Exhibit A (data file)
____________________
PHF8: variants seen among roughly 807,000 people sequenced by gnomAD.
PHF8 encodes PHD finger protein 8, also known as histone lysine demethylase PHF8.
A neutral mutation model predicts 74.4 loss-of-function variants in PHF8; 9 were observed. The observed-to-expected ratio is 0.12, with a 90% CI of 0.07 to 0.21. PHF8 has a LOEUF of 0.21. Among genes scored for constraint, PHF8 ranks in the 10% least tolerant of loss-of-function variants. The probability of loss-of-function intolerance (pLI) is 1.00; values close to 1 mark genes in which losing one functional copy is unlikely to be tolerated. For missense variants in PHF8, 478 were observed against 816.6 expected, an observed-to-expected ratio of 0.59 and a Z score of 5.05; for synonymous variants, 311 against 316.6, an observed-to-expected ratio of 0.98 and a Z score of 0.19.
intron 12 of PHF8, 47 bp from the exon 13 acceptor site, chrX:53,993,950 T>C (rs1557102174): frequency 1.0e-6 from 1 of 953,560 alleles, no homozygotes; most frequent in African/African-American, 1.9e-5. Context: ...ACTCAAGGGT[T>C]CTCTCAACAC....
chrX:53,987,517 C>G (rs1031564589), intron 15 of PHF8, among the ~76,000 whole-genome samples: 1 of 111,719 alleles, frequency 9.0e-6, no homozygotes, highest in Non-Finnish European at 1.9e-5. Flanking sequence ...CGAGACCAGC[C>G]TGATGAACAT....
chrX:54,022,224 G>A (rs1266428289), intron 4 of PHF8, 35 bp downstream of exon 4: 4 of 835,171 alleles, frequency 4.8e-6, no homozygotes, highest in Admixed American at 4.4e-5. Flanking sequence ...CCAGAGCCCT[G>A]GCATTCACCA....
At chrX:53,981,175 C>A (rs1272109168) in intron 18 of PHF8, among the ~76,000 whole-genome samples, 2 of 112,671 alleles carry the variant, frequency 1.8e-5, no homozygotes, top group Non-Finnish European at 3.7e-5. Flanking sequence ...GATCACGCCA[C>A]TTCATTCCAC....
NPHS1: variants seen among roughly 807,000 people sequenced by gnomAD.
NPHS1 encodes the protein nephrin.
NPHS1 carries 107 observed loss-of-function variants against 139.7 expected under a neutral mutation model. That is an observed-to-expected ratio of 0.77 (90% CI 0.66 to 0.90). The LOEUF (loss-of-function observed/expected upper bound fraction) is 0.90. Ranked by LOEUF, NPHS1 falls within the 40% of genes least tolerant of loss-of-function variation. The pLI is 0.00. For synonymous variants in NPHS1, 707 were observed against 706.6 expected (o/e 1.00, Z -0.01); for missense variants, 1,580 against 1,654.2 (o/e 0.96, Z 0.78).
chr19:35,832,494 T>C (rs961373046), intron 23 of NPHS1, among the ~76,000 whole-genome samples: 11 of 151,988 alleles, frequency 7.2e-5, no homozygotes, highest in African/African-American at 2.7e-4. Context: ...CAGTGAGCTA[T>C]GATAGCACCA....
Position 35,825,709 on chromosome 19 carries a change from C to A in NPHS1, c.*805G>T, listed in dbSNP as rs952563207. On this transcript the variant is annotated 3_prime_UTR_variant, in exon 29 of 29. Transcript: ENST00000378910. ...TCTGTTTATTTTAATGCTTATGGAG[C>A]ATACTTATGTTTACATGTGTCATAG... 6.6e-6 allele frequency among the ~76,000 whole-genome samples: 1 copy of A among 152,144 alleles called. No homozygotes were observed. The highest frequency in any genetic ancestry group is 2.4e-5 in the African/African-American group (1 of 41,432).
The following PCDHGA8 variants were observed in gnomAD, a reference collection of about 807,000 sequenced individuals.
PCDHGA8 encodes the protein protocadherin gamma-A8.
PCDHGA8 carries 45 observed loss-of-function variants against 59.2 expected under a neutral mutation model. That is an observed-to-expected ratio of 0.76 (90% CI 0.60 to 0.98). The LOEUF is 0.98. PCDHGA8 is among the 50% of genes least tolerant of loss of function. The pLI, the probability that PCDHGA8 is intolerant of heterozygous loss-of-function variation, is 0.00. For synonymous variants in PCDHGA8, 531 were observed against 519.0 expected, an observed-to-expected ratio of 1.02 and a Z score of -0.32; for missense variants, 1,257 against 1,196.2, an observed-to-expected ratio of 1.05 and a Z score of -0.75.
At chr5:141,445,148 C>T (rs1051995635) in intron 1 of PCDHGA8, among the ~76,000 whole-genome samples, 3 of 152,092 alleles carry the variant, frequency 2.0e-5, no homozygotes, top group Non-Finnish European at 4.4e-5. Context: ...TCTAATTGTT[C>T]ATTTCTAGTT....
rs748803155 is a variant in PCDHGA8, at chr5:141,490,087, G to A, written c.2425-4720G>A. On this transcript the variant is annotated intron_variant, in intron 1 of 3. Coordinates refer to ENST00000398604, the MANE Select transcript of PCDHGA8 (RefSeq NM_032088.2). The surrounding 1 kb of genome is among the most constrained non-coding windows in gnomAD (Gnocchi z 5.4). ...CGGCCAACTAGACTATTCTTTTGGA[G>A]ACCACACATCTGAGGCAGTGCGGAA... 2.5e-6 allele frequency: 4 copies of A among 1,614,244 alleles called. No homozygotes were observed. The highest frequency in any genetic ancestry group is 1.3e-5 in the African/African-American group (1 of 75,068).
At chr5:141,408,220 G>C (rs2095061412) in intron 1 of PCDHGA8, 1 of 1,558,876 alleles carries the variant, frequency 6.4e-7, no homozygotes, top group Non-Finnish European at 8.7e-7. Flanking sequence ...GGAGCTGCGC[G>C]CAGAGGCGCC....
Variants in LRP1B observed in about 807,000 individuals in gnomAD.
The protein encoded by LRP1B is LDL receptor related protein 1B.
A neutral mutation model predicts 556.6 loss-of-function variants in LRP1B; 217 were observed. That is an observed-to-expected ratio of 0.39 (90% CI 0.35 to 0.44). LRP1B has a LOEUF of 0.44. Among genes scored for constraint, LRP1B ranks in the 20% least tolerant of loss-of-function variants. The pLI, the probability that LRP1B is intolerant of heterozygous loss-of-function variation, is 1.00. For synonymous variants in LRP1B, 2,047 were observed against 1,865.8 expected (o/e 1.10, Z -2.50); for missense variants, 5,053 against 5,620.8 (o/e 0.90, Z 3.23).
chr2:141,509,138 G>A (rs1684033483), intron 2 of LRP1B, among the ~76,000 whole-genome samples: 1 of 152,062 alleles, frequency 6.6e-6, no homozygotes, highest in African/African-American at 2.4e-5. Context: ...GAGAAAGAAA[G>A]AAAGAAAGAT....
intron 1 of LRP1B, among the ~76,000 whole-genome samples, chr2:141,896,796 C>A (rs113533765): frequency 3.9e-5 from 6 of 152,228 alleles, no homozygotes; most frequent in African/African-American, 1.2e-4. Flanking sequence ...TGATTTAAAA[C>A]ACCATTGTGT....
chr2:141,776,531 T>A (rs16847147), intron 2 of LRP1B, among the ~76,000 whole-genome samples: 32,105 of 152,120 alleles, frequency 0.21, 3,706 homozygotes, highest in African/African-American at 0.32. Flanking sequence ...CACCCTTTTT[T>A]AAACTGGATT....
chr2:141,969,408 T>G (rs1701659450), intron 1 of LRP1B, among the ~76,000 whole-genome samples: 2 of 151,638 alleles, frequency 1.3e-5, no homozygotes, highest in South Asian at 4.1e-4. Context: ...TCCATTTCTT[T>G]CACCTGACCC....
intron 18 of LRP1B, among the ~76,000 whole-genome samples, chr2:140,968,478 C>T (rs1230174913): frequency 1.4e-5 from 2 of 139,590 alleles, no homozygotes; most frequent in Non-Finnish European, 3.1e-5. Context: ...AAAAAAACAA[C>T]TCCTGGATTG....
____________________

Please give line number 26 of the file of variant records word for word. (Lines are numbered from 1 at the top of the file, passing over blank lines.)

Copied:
intron 18 of LRP1B, among the ~76,000 whole-genome samples, chr2:140,968,478 C>T (rs1230174913): frequency 1.4e-5 from 2 of 139,590 alleles, no homozygotes; most frequent in Non-Finnish European, 3.1e-5. Context: ...AAAAAAACAA[C>T]TCCTGGATTG....